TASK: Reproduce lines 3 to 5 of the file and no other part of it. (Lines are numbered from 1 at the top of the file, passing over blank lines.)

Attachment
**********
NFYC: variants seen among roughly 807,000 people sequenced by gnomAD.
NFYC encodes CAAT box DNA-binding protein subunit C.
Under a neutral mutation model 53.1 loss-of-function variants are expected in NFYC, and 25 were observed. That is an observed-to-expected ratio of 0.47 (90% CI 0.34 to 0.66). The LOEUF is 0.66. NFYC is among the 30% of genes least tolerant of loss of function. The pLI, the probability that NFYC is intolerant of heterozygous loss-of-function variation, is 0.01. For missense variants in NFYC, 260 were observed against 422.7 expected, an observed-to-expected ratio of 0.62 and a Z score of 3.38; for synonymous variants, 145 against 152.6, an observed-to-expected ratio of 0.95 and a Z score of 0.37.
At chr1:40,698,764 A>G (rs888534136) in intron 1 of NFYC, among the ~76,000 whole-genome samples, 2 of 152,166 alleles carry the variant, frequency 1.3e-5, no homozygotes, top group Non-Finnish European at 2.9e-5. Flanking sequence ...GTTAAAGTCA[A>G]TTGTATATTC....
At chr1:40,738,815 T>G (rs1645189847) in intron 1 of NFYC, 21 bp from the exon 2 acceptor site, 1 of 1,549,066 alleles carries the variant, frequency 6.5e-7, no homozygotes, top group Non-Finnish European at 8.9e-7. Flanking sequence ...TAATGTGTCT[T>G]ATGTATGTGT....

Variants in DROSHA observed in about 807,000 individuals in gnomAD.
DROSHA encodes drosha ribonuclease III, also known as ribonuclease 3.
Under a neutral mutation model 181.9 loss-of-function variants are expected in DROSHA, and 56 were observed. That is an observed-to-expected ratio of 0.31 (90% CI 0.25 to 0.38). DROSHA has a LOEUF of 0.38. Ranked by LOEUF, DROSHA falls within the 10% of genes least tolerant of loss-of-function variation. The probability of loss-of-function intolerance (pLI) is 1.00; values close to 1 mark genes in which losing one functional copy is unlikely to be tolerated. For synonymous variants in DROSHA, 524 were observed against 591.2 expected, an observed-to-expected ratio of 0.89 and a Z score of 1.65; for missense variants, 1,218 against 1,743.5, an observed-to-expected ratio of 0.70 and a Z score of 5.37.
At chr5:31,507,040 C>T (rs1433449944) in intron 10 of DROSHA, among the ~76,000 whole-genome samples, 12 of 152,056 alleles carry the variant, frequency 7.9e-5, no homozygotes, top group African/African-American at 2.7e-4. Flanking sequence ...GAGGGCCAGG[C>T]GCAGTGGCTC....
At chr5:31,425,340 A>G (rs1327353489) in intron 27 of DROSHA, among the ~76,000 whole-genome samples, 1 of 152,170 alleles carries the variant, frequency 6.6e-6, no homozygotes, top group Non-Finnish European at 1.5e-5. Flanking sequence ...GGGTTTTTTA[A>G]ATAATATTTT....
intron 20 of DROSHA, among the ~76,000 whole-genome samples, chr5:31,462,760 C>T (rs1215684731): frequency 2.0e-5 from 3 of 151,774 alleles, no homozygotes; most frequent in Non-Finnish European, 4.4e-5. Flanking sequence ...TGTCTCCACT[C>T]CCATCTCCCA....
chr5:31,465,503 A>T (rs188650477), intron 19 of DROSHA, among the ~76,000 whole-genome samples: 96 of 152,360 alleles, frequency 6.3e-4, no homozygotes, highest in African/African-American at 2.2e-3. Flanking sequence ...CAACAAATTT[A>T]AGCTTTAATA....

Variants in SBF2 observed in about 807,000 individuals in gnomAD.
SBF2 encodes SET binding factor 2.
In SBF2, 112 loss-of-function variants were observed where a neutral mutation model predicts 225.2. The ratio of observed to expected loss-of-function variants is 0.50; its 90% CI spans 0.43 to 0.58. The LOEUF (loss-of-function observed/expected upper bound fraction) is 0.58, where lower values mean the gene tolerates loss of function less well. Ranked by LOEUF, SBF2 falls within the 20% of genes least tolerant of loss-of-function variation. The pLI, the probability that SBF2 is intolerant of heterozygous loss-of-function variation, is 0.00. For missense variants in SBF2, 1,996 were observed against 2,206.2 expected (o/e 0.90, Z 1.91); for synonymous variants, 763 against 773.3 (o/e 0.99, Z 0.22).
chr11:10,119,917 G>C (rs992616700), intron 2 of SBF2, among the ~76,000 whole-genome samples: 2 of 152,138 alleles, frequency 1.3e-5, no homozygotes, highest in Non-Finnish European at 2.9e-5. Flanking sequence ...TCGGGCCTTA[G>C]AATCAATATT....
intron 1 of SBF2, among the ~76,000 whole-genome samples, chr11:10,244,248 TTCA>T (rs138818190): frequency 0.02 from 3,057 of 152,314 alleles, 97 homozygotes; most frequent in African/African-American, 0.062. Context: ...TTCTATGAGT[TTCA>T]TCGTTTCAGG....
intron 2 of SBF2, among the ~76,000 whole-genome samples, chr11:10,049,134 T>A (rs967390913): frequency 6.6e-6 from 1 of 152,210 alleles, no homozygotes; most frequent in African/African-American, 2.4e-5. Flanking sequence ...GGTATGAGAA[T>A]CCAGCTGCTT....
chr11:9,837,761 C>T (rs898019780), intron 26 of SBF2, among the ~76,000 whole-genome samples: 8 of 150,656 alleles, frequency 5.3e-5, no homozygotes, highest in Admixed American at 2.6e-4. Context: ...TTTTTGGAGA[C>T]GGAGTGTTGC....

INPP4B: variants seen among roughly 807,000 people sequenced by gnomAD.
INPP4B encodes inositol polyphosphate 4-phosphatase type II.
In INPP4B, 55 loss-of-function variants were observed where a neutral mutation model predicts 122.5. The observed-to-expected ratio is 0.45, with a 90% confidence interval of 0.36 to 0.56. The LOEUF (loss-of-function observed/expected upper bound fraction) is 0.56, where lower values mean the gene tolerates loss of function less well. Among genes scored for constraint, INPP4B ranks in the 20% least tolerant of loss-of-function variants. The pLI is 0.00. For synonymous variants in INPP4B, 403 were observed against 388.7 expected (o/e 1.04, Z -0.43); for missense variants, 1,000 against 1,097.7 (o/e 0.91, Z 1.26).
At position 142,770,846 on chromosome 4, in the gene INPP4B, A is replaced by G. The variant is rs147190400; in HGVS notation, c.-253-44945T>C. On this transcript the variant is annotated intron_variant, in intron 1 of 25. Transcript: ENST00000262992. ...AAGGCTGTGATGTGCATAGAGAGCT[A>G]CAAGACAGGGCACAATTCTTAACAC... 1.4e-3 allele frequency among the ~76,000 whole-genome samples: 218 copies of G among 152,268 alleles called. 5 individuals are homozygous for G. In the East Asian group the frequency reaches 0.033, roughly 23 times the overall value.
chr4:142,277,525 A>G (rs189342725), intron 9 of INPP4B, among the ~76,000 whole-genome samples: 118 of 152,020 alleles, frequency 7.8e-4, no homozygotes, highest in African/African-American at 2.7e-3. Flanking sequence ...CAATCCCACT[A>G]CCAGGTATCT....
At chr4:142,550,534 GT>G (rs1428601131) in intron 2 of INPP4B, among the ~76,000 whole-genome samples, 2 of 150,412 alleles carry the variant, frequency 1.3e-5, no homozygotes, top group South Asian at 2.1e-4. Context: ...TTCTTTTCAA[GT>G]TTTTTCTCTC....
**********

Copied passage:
Under a neutral mutation model 53.1 loss-of-function variants are expected in NFYC, and 25 were observed. That is an observed-to-expected ratio of 0.47 (90% CI 0.34 to 0.66). The LOEUF is 0.66. NFYC is among the 30% of genes least tolerant of loss of function. The pLI, the probability that NFYC is intolerant of heterozygous loss-of-function variation, is 0.01. For missense variants in NFYC, 260 were observed against 422.7 expected, an observed-to-expected ratio of 0.62 and a Z score of 3.38; for synonymous variants, 145 against 152.6, an observed-to-expected ratio of 0.95 and a Z score of 0.37.
At chr1:40,698,764 A>G (rs888534136) in intron 1 of NFYC, among the ~76,000 whole-genome samples, 2 of 152,166 alleles carry the variant, frequency 1.3e-5, no homozygotes, top group Non-Finnish European at 2.9e-5. Flanking sequence ...GTTAAAGTCA[A>G]TTGTATATTC....
At chr1:40,738,815 T>G (rs1645189847) in intron 1 of NFYC, 21 bp from the exon 2 acceptor site, 1 of 1,549,066 alleles carries the variant, frequency 6.5e-7, no homozygotes, top group Non-Finnish European at 8.9e-7. Flanking sequence ...TAATGTGTCT[T>G]ATGTATGTGT....